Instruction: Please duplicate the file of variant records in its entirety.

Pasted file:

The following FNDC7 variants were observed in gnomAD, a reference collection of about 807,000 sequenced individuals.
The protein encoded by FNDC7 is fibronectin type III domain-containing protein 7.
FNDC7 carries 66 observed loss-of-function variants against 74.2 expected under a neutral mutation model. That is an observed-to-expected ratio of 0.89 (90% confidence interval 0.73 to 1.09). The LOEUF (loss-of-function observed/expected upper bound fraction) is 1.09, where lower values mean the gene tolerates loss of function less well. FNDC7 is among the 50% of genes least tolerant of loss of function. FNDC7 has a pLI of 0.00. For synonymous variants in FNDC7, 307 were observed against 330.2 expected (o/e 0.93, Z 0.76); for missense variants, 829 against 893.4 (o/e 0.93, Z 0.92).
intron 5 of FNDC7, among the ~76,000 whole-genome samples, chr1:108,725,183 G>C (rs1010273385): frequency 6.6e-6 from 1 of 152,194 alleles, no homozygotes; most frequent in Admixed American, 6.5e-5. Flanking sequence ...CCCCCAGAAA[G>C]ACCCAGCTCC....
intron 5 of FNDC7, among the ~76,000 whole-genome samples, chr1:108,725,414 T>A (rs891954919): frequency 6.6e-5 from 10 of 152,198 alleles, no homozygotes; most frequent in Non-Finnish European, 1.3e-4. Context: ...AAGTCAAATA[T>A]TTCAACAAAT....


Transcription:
The following FNDC7 variants were observed in gnomAD, a reference collection of about 807,000 sequenced individuals.
The protein encoded by FNDC7 is fibronectin type III domain-containing protein 7.
FNDC7 carries 66 observed loss-of-function variants against 74.2 expected under a neutral mutation model. That is an observed-to-expected ratio of 0.89 (90% confidence interval 0.73 to 1.09). The LOEUF (loss-of-function observed/expected upper bound fraction) is 1.09, where lower values mean the gene tolerates loss of function less well. FNDC7 is among the 50% of genes least tolerant of loss of function. FNDC7 has a pLI of 0.00. For synonymous variants in FNDC7, 307 were observed against 330.2 expected (o/e 0.93, Z 0.76); for missense variants, 829 against 893.4 (o/e 0.93, Z 0.92).
intron 5 of FNDC7, among the ~76,000 whole-genome samples, chr1:108,725,183 G>C (rs1010273385): frequency 6.6e-6 from 1 of 152,194 alleles, no homozygotes; most frequent in Admixed American, 6.5e-5. Flanking sequence ...CCCCCAGAAA[G>C]ACCCAGCTCC....
intron 5 of FNDC7, among the ~76,000 whole-genome samples, chr1:108,725,414 T>A (rs891954919): frequency 6.6e-5 from 10 of 152,198 alleles, no homozygotes; most frequent in Non-Finnish European, 1.3e-4. Context: ...AAGTCAAATA[T>A]TTCAACAAAT....